Cosmic and Magical, Movies and La Lune

Earlier this year I wrote an entry about my fixation for the moon. Okay, maybe I have had some other entries about the moon because I do go crazy about it every month. But just to distinguish from other entries it’s the one that talks about AIR’s album and George Melies’s films La Voyage Dans La Lune.

That was in February.

Today I just watched Martin Scorsese’s Hugo.

And I am no less than delighted in the superlative sense.

I don’t know why it took so long for me to actually see this film. I deserve a whack on the head for that. It brings together a lot of the things I love: Scorsese of course, the strange mix of superb actors (Ben Kingsley, Sacha Baron Cohen,  Chloe Grace Moretz, Asa Butterfield,  Helen McCrory, and Jude Law), Brian Selznick being the author of the book The Invention of Hugo Cabret – also a wonderful read – which the movie is based on, and then the most touching story about George Melies as a filmmaker. It is historical fiction, yes, almost a sort of fantastical one and that’s what’s so charming about it.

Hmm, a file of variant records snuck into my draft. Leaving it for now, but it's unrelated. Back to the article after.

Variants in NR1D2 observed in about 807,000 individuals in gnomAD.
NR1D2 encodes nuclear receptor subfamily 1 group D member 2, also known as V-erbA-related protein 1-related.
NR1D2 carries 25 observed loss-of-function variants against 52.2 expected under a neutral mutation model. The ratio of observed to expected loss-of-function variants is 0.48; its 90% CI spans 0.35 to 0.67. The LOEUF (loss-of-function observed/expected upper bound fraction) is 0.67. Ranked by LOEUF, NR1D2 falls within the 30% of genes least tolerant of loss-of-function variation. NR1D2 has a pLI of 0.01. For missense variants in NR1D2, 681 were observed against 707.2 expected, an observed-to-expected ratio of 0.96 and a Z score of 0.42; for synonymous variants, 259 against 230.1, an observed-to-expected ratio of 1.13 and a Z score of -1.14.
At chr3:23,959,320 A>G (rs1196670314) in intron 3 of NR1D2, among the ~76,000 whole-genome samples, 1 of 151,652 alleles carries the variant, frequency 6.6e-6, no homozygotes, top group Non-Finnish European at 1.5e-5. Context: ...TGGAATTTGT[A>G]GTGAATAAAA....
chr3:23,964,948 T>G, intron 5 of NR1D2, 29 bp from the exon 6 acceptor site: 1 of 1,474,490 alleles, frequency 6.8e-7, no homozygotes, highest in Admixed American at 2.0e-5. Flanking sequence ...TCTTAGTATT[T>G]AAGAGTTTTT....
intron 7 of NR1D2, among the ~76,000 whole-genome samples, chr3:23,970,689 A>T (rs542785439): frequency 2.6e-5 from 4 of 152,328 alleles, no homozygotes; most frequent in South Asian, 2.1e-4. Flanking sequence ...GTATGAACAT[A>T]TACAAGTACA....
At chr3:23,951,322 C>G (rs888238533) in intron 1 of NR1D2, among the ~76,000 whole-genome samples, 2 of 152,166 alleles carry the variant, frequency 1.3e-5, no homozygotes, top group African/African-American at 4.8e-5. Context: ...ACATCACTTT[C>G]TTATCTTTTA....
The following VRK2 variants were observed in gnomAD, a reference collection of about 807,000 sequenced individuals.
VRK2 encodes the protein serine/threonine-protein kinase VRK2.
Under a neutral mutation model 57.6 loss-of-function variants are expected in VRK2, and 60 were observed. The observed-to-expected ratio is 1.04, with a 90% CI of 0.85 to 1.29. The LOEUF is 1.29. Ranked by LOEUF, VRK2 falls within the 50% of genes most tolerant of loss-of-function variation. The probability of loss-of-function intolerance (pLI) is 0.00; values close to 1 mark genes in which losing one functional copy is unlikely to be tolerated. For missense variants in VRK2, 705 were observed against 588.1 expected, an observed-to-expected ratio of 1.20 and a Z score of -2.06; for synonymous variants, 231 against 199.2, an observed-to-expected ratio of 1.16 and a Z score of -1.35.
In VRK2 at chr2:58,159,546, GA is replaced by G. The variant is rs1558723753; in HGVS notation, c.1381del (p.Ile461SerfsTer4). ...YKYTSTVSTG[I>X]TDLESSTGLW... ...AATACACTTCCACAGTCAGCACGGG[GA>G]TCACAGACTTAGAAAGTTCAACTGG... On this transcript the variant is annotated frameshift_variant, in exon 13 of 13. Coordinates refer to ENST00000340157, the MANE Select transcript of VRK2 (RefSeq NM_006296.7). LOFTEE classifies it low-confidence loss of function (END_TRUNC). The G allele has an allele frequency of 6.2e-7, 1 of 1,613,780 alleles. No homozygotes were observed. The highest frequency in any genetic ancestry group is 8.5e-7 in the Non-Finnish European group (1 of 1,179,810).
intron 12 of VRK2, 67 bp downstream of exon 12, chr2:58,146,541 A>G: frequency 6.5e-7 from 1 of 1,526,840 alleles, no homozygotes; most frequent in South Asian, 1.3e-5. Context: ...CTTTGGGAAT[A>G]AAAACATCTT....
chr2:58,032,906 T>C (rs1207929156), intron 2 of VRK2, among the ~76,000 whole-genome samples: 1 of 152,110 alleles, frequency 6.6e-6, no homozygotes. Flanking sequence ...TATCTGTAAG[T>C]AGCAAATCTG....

I don’t know why I’m pushed to write about this. I don’t usually do this – write reviews or gather my thoughts about a specific film in a narrative sense, except for those very particularly moving ones.

And Bob’s your uncle.

I’ve always been fascinated about Melies and his work technically because he is a pioneer in the use of special effects in moviemaking. But I think I am drawn to him more because of the idea that he sort of employed magic in the way he made his films during the time that it was made. The way cinema has evolved and continues to evolve in this day and age pushing the boundaries of delight for all of the senses of those who watch we owe to the man who started to tell the story about rockets landing on celestial bodies. And Scorsese just sort of pulled another bunny out of the hat. It’s an old trick but, really, tell me who is never delighted by it?

It’s a sort of cosmic charm that makes me fall in love with this every time. The movies, I mean. Sometimes the universe gives you the perfect story to let the moment elide itself into. It leaves you wondering how the hell the perfect story lands on your lap exactly when you need it to.

I have to thank a friend who told me I should watch this film. He knew I would be delighted. Superlatively so.

 

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